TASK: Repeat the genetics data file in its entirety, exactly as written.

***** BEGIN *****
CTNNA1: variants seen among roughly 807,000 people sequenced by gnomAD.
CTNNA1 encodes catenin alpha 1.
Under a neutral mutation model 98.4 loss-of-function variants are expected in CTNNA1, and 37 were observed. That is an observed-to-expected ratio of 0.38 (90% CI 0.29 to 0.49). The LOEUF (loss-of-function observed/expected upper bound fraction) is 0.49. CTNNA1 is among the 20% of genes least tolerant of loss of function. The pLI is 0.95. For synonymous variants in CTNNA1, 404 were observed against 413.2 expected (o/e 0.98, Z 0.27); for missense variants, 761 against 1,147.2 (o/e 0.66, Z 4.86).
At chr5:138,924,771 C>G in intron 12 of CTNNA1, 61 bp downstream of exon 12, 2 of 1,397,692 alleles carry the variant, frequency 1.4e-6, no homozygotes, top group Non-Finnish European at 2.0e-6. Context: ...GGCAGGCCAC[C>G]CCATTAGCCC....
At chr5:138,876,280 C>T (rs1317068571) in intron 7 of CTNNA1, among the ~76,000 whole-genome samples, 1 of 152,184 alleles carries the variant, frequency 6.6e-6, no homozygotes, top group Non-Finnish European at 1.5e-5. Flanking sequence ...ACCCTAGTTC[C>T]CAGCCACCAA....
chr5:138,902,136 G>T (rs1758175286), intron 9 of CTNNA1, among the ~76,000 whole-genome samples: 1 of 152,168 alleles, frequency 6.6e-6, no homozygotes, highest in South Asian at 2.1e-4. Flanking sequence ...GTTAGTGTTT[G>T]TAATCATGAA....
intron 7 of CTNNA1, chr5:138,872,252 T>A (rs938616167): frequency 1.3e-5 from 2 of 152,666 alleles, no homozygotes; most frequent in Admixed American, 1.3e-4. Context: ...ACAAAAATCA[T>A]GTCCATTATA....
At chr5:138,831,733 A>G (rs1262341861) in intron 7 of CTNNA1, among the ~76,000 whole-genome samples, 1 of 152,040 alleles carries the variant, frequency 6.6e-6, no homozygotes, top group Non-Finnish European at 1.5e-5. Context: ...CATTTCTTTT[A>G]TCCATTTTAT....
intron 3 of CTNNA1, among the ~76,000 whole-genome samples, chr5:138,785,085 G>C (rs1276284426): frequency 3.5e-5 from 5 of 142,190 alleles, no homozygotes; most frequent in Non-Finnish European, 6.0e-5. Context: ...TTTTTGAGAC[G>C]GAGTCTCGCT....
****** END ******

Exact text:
CTNNA1: variants seen among roughly 807,000 people sequenced by gnomAD.
CTNNA1 encodes catenin alpha 1.
Under a neutral mutation model 98.4 loss-of-function variants are expected in CTNNA1, and 37 were observed. That is an observed-to-expected ratio of 0.38 (90% CI 0.29 to 0.49). The LOEUF (loss-of-function observed/expected upper bound fraction) is 0.49. CTNNA1 is among the 20% of genes least tolerant of loss of function. The pLI is 0.95. For synonymous variants in CTNNA1, 404 were observed against 413.2 expected (o/e 0.98, Z 0.27); for missense variants, 761 against 1,147.2 (o/e 0.66, Z 4.86).
At chr5:138,924,771 C>G in intron 12 of CTNNA1, 61 bp downstream of exon 12, 2 of 1,397,692 alleles carry the variant, frequency 1.4e-6, no homozygotes, top group Non-Finnish European at 2.0e-6. Context: ...GGCAGGCCAC[C>G]CCATTAGCCC....
At chr5:138,876,280 C>T (rs1317068571) in intron 7 of CTNNA1, among the ~76,000 whole-genome samples, 1 of 152,184 alleles carries the variant, frequency 6.6e-6, no homozygotes, top group Non-Finnish European at 1.5e-5. Flanking sequence ...ACCCTAGTTC[C>T]CAGCCACCAA....
chr5:138,902,136 G>T (rs1758175286), intron 9 of CTNNA1, among the ~76,000 whole-genome samples: 1 of 152,168 alleles, frequency 6.6e-6, no homozygotes, highest in South Asian at 2.1e-4. Flanking sequence ...GTTAGTGTTT[G>T]TAATCATGAA....
intron 7 of CTNNA1, chr5:138,872,252 T>A (rs938616167): frequency 1.3e-5 from 2 of 152,666 alleles, no homozygotes; most frequent in Admixed American, 1.3e-4. Context: ...ACAAAAATCA[T>A]GTCCATTATA....
At chr5:138,831,733 A>G (rs1262341861) in intron 7 of CTNNA1, among the ~76,000 whole-genome samples, 1 of 152,040 alleles carries the variant, frequency 6.6e-6, no homozygotes, top group Non-Finnish European at 1.5e-5. Context: ...CATTTCTTTT[A>G]TCCATTTTAT....
intron 3 of CTNNA1, among the ~76,000 whole-genome samples, chr5:138,785,085 G>C (rs1276284426): frequency 3.5e-5 from 5 of 142,190 alleles, no homozygotes; most frequent in Non-Finnish European, 6.0e-5. Context: ...TTTTTGAGAC[G>C]GAGTCTCGCT....